One was a gray horse who I thought might be a donkey; my educated eye quickly eliminated him. The other, though, I couldn’t stop watching. The #3 was a beautiful chestnut-colored horse who was prancing like a champ and whose coat glistened under the warm Spring sun. How could a horse be any prettier?
I glanced at the tote board (I don’t recall how I knew what a tote board was, but I did) and my gorgeous horse was 3/1, so other people liked him, too. The only things I knew were that he wasn’t a speed horse, he didn’t have Calvin Borel riding him, and he wasn’t lucky #7.
Those weren’t enough to deter me from liking him, so with my limited knowledge, what else could I find out about him that would make me put $2 on him to win? I didn’t recognize, the jockey but why would I? As the #3 horse, his saddle cloth color was blue (my favorite color!), my grandson was 3 years old at the time (a sure sign from above), his odds were holding steady at 3/1, and he was so damn good-looking that he was the obvious choice for me! I had now studied and arrived at my first pick at the track.
It was time to place my bet, but that wasn’t as easy as I thought it would be. I continued practicing in my head what I’d learned about the proper way to place a bet: name of the track, number of the race, number of the horse, and amount of the bet.
I confidently strode up to the window and said, “Oaklawn, 1st race, #3, $2 to win.” The bet-taker (that’s what I called her) smiled and said, “First time at the track, right?” Damn, how did she know?! I nodded my head yes, grabbed my ticket, and much less confidently walked back to my seat.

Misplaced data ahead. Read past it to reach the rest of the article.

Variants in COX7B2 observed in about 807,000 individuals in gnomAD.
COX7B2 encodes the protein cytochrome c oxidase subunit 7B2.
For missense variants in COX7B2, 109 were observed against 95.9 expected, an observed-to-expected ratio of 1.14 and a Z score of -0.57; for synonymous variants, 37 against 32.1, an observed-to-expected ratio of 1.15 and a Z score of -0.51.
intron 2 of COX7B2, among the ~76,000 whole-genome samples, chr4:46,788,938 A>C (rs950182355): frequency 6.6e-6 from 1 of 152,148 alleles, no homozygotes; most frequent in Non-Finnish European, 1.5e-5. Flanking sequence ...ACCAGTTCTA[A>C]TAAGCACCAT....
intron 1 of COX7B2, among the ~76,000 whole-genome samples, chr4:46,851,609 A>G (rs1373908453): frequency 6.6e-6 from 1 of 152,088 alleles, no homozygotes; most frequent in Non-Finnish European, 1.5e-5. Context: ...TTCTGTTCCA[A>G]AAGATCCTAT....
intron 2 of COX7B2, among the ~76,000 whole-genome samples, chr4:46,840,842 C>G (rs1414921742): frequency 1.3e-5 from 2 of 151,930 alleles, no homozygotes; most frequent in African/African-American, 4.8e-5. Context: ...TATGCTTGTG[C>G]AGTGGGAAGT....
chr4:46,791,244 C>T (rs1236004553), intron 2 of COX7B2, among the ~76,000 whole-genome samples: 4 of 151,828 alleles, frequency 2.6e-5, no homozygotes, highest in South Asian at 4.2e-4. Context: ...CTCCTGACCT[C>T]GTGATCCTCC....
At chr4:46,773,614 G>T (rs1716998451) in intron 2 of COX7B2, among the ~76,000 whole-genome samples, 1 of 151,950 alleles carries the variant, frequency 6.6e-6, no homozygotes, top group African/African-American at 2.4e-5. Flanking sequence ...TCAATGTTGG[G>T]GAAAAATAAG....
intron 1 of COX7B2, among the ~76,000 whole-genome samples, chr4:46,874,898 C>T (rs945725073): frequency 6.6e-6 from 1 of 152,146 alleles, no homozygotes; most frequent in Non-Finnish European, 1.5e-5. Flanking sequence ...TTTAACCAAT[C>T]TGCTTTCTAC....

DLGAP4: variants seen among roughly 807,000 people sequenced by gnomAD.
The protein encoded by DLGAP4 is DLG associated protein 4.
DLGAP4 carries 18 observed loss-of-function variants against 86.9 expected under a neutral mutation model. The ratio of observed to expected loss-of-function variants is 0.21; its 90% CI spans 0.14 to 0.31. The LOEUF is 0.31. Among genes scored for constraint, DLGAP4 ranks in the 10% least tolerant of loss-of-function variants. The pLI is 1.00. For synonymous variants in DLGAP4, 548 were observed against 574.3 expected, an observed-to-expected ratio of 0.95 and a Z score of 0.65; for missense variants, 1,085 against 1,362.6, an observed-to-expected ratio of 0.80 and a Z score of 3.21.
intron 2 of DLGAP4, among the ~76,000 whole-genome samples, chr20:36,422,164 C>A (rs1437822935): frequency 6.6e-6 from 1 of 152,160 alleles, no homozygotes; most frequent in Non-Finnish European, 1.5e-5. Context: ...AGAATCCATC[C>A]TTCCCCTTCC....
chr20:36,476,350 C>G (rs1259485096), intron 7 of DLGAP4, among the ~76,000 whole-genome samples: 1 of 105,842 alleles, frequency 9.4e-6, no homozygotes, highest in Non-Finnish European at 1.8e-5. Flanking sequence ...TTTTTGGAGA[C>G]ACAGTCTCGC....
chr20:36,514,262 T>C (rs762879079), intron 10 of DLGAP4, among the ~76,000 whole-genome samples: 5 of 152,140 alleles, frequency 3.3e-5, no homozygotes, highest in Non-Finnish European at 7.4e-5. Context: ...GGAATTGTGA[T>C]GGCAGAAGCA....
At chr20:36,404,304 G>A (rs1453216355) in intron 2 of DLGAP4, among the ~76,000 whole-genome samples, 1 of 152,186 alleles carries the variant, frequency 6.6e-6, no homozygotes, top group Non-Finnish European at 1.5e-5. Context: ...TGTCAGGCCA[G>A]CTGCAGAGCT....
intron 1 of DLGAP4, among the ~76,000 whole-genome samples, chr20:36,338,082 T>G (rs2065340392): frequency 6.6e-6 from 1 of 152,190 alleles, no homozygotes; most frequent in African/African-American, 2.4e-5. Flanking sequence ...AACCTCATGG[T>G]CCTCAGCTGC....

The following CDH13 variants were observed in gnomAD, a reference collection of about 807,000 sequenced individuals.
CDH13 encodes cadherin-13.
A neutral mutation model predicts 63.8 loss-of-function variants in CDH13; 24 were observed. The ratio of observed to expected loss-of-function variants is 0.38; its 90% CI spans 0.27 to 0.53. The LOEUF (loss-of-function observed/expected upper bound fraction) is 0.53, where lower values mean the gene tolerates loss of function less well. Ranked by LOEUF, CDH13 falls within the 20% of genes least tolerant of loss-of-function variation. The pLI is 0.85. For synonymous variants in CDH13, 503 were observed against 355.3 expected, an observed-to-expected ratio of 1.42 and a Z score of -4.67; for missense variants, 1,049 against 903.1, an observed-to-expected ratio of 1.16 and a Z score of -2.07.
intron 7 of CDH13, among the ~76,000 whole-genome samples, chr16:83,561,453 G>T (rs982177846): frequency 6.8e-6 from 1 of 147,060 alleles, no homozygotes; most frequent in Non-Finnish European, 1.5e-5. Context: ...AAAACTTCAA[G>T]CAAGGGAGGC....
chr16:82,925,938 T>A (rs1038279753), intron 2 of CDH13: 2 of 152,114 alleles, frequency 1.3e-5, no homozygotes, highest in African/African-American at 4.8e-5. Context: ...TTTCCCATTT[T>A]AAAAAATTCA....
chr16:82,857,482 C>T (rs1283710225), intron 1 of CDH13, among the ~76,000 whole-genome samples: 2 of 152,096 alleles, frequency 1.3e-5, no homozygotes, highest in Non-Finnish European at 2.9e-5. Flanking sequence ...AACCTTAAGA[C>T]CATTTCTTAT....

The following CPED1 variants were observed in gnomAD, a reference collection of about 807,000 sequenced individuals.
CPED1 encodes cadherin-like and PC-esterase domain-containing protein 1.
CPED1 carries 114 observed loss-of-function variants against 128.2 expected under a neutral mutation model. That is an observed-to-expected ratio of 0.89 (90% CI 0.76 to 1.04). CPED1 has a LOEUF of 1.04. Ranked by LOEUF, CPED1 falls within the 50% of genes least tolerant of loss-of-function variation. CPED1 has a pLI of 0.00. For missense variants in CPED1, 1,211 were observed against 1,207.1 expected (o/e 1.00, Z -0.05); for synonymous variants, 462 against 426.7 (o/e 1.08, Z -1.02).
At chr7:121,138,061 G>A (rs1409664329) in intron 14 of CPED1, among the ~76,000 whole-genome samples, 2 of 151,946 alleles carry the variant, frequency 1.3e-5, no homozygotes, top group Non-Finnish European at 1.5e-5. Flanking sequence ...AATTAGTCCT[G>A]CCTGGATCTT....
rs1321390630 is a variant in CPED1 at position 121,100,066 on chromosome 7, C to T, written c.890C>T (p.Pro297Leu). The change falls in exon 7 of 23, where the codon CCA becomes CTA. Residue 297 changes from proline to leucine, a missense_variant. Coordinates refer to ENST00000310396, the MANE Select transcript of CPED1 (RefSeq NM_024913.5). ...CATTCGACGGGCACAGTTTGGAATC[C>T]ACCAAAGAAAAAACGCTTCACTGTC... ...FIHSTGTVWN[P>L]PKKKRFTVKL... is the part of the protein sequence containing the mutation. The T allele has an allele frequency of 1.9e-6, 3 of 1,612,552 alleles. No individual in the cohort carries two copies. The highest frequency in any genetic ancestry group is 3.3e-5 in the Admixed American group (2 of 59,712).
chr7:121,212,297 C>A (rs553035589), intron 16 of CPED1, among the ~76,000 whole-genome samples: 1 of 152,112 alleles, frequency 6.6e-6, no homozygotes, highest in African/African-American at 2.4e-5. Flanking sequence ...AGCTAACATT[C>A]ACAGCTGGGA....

I was much more nervous than I anticipated being as I waited for the race to start. The horses entered the gate and blasted out in unison, and just as my buddies predicted, the #2 and the #4 took the lead around the first turn and sprinted off like bullets heading for their intended targets.
My heart sank as my #3 sat in seventh out of nine runners and trotted at a turtle’s pace while seemingly looking at me as if to say, “I can’t believe you bet on me, dumbass.”
As they went down the first straightaway (by race 4, I learned it was called the backstretch), the #2 and the #4 widened their gap as my #3 slowly moved up to sixth. “He’ll never catch them,” I murmured to myself.
As they entered the far turn, I thought I noticed that the trailing horses were gaining on the #2 and the #4. Where was my #3 horse? He was still loping along and had moved up to fifth. “Run, you idiot!” I thought. “Is that the only speed you have?!”
The horses finished the last turn and were now on the straightaway (the home stretch, as I found out by race 5). By this point, the race had definitely tightened up. The #2 and the #4 gamely tried holding on but were definitely tiring, and here came my gorgeous #3, running like Secretariat and eating up ground with every stride.
I stood straight up and begged him to give some more, just a little more, one more last push, and he kept rolling! He crossed the finish line first by 1/2 of a length and I was so proud of myself for not only picking the winner in my first try, but for being very nonchalant about it. I exerted a small, clenched-fist “Attaboy” and sat back down.
No need to gloat or brag about my shrewd handicapping skills; I was a good winner.
Now, I’d love to say that the rest of my day (and the next day) at the track went just as well, but we all know that doesn’t happen. Still, I won enough during those first visits that I quickly caught the fever of spending a day at the track. I was and still am hooked.
Always encourage new fans to attend live racing and try educating them before going! Getting people to the track is the best way to help this game grow.
I’ll continue exploring reasons why we love horse racing like we do and I hope that my columns help you recall memories of your first day betting on the ponies at the track.